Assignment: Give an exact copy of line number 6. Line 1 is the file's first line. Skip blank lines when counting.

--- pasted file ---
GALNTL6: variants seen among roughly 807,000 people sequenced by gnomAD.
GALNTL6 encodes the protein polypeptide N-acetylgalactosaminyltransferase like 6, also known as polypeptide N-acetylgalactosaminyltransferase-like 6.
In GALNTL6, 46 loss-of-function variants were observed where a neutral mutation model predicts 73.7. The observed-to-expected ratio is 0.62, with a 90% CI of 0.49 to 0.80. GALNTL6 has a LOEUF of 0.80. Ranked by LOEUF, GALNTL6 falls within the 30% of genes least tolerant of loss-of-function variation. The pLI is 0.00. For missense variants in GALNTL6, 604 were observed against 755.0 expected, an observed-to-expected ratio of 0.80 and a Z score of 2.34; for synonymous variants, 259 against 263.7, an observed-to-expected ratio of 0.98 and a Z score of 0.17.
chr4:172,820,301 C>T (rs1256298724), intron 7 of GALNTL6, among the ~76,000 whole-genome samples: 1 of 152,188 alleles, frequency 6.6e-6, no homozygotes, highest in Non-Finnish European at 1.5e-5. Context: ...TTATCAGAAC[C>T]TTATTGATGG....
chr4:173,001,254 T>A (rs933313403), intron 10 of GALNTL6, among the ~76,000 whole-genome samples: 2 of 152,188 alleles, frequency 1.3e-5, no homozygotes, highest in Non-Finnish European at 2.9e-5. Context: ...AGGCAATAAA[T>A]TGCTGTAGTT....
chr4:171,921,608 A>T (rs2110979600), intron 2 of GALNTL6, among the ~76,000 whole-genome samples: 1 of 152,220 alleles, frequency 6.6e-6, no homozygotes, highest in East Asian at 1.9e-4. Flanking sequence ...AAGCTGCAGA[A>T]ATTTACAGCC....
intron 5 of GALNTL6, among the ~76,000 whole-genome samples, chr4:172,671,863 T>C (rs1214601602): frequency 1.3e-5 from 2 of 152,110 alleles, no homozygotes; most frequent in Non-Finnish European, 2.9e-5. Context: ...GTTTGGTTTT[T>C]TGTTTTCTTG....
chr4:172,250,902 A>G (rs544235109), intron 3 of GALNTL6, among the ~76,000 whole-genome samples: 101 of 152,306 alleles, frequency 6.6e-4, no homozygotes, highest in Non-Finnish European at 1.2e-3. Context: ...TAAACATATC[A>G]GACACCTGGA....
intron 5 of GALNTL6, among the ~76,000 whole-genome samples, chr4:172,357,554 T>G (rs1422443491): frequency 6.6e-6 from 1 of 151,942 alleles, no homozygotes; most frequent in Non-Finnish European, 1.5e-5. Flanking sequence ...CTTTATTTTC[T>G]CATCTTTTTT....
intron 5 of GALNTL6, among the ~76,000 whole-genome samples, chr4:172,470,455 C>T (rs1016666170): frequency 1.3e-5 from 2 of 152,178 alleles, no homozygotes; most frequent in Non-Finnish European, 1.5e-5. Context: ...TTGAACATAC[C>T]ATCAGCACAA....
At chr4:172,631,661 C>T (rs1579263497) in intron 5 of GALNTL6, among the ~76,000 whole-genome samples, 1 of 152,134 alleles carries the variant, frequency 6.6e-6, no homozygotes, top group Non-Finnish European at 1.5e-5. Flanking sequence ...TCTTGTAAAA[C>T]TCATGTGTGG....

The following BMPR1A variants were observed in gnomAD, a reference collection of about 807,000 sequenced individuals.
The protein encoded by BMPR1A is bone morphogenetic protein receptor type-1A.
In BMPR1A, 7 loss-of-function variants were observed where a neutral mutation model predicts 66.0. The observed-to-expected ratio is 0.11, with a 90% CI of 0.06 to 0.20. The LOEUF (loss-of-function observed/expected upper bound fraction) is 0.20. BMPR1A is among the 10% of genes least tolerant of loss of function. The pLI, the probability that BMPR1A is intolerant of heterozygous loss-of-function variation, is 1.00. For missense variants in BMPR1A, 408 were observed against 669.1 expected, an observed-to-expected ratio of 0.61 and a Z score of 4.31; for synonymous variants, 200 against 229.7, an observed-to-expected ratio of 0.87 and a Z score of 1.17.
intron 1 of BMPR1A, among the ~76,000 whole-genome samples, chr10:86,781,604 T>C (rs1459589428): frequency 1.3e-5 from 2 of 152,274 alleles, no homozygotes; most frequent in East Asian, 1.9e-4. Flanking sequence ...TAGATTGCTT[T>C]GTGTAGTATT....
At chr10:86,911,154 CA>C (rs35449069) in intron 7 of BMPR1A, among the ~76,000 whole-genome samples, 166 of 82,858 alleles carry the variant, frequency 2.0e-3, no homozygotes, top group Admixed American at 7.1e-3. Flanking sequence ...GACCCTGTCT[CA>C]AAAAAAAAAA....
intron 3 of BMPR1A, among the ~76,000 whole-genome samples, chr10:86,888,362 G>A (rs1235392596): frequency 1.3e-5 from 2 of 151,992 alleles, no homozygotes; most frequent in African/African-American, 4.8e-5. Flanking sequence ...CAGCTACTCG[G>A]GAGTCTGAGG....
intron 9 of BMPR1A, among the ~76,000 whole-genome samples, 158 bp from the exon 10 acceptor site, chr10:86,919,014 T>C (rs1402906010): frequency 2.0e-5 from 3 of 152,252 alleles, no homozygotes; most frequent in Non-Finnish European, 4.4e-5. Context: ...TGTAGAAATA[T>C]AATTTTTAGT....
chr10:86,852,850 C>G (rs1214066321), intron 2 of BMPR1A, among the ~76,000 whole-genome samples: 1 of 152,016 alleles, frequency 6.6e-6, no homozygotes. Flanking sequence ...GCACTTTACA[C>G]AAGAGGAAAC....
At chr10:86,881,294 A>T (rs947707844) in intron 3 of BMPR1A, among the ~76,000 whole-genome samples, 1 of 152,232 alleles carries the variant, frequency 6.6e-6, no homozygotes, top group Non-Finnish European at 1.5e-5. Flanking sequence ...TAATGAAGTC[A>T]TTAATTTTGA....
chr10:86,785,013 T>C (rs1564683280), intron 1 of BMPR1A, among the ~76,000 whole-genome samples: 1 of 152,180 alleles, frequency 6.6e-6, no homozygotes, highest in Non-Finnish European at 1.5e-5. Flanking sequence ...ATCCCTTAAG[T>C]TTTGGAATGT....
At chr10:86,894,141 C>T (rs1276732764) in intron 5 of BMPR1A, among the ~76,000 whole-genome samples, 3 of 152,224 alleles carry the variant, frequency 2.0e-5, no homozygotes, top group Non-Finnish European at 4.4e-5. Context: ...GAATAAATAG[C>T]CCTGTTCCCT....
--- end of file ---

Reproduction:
chr4:171,921,608 A>T (rs2110979600), intron 2 of GALNTL6, among the ~76,000 whole-genome samples: 1 of 152,220 alleles, frequency 6.6e-6, no homozygotes, highest in East Asian at 1.9e-4. Flanking sequence ...AAGCTGCAGA[A>T]ATTTACAGCC....